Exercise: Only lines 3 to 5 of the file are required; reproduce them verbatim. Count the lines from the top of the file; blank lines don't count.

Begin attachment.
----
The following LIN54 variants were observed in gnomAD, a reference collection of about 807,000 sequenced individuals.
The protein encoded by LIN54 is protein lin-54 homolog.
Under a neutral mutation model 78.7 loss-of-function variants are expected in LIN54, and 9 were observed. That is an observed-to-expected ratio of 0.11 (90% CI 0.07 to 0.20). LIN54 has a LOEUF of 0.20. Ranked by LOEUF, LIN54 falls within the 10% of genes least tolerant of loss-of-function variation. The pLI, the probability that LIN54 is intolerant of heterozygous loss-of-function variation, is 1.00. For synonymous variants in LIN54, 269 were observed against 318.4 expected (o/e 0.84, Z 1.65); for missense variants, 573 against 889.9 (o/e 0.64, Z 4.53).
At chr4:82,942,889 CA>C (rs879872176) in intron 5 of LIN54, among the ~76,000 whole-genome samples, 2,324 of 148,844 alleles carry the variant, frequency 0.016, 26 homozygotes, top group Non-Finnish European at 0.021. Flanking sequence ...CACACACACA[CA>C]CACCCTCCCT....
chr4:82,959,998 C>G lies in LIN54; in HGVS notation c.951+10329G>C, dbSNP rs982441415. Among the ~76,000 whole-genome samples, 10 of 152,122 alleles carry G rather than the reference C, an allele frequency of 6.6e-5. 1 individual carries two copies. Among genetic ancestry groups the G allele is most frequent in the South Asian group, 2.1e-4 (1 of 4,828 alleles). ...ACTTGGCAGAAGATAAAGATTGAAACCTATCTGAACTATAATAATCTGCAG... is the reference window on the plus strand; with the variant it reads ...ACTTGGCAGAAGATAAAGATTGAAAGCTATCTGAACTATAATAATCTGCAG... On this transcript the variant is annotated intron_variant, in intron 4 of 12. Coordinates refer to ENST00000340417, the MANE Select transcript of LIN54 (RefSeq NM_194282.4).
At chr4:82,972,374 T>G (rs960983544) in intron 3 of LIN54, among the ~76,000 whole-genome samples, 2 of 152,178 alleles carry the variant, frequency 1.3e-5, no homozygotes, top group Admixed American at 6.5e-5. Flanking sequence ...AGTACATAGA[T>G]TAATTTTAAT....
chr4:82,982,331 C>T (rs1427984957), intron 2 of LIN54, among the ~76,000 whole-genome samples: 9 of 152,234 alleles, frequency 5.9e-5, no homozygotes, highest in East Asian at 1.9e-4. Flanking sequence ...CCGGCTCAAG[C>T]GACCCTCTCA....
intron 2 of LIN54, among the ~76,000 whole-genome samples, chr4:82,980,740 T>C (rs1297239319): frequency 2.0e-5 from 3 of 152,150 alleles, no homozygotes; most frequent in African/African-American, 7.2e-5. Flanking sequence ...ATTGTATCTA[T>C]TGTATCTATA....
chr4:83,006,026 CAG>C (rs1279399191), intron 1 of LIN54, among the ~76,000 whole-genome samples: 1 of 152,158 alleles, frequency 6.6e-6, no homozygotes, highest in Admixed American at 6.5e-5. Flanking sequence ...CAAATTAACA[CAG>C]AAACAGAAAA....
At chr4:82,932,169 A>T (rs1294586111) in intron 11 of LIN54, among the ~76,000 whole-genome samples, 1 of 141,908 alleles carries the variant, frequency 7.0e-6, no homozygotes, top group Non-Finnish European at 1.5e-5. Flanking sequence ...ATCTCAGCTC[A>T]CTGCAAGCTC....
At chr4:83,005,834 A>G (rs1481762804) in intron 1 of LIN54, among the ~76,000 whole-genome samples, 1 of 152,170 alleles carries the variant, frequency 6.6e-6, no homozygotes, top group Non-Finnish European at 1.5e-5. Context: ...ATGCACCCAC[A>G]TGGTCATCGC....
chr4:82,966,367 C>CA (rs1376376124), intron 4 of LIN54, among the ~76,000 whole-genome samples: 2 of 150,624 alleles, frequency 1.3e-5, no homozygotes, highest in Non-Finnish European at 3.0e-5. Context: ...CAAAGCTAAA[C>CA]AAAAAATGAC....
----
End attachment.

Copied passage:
Under a neutral mutation model 78.7 loss-of-function variants are expected in LIN54, and 9 were observed. That is an observed-to-expected ratio of 0.11 (90% CI 0.07 to 0.20). LIN54 has a LOEUF of 0.20. Ranked by LOEUF, LIN54 falls within the 10% of genes least tolerant of loss-of-function variation. The pLI, the probability that LIN54 is intolerant of heterozygous loss-of-function variation, is 1.00. For synonymous variants in LIN54, 269 were observed against 318.4 expected (o/e 0.84, Z 1.65); for missense variants, 573 against 889.9 (o/e 0.64, Z 4.53).
At chr4:82,942,889 CA>C (rs879872176) in intron 5 of LIN54, among the ~76,000 whole-genome samples, 2,324 of 148,844 alleles carry the variant, frequency 0.016, 26 homozygotes, top group Non-Finnish European at 0.021. Flanking sequence ...CACACACACA[CA>C]CACCCTCCCT....
chr4:82,959,998 C>G lies in LIN54; in HGVS notation c.951+10329G>C, dbSNP rs982441415. Among the ~76,000 whole-genome samples, 10 of 152,122 alleles carry G rather than the reference C, an allele frequency of 6.6e-5. 1 individual carries two copies. Among genetic ancestry groups the G allele is most frequent in the South Asian group, 2.1e-4 (1 of 4,828 alleles). ...ACTTGGCAGAAGATAAAGATTGAAACCTATCTGAACTATAATAATCTGCAG... is the reference window on the plus strand; with the variant it reads ...ACTTGGCAGAAGATAAAGATTGAAAGCTATCTGAACTATAATAATCTGCAG... On this transcript the variant is annotated intron_variant, in intron 4 of 12. Coordinates refer to ENST00000340417, the MANE Select transcript of LIN54 (RefSeq NM_194282.4).